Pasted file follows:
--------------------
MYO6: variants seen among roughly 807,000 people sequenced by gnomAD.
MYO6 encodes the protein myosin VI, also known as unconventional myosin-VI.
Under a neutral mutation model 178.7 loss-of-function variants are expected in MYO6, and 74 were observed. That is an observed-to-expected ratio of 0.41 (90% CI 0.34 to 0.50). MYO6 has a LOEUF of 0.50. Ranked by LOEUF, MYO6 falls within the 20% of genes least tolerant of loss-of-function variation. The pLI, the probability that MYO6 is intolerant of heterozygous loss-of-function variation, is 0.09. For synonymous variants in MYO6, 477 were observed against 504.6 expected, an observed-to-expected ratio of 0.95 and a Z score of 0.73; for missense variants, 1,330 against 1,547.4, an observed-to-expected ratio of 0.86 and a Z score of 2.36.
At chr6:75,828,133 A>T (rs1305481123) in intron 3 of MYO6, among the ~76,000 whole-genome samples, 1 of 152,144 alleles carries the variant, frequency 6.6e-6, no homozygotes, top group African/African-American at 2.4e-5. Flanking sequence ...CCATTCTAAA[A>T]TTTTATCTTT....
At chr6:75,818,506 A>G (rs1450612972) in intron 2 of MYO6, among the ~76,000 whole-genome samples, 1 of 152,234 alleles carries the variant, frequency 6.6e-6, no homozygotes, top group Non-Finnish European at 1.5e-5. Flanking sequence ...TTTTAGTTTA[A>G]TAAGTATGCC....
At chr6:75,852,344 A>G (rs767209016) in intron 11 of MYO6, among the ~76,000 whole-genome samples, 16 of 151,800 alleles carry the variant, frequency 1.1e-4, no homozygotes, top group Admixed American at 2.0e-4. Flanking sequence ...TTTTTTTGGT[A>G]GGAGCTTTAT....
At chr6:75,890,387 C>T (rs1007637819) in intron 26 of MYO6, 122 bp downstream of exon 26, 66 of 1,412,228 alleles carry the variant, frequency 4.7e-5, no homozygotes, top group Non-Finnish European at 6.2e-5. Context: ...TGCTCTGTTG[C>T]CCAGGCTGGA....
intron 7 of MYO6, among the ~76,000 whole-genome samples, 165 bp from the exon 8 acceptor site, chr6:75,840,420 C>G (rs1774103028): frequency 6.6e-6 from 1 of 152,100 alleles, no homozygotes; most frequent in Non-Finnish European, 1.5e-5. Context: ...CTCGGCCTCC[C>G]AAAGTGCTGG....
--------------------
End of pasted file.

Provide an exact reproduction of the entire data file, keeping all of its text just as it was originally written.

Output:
MYO6: variants seen among roughly 807,000 people sequenced by gnomAD.
MYO6 encodes the protein myosin VI, also known as unconventional myosin-VI.
Under a neutral mutation model 178.7 loss-of-function variants are expected in MYO6, and 74 were observed. That is an observed-to-expected ratio of 0.41 (90% CI 0.34 to 0.50). MYO6 has a LOEUF of 0.50. Ranked by LOEUF, MYO6 falls within the 20% of genes least tolerant of loss-of-function variation. The pLI, the probability that MYO6 is intolerant of heterozygous loss-of-function variation, is 0.09. For synonymous variants in MYO6, 477 were observed against 504.6 expected, an observed-to-expected ratio of 0.95 and a Z score of 0.73; for missense variants, 1,330 against 1,547.4, an observed-to-expected ratio of 0.86 and a Z score of 2.36.
At chr6:75,828,133 A>T (rs1305481123) in intron 3 of MYO6, among the ~76,000 whole-genome samples, 1 of 152,144 alleles carries the variant, frequency 6.6e-6, no homozygotes, top group African/African-American at 2.4e-5. Flanking sequence ...CCATTCTAAA[A>T]TTTTATCTTT....
At chr6:75,818,506 A>G (rs1450612972) in intron 2 of MYO6, among the ~76,000 whole-genome samples, 1 of 152,234 alleles carries the variant, frequency 6.6e-6, no homozygotes, top group Non-Finnish European at 1.5e-5. Flanking sequence ...TTTTAGTTTA[A>G]TAAGTATGCC....
At chr6:75,852,344 A>G (rs767209016) in intron 11 of MYO6, among the ~76,000 whole-genome samples, 16 of 151,800 alleles carry the variant, frequency 1.1e-4, no homozygotes, top group Admixed American at 2.0e-4. Flanking sequence ...TTTTTTTGGT[A>G]GGAGCTTTAT....
At chr6:75,890,387 C>T (rs1007637819) in intron 26 of MYO6, 122 bp downstream of exon 26, 66 of 1,412,228 alleles carry the variant, frequency 4.7e-5, no homozygotes, top group Non-Finnish European at 6.2e-5. Context: ...TGCTCTGTTG[C>T]CCAGGCTGGA....
intron 7 of MYO6, among the ~76,000 whole-genome samples, 165 bp from the exon 8 acceptor site, chr6:75,840,420 C>G (rs1774103028): frequency 6.6e-6 from 1 of 152,100 alleles, no homozygotes; most frequent in Non-Finnish European, 1.5e-5. Context: ...CTCGGCCTCC[C>G]AAAGTGCTGG....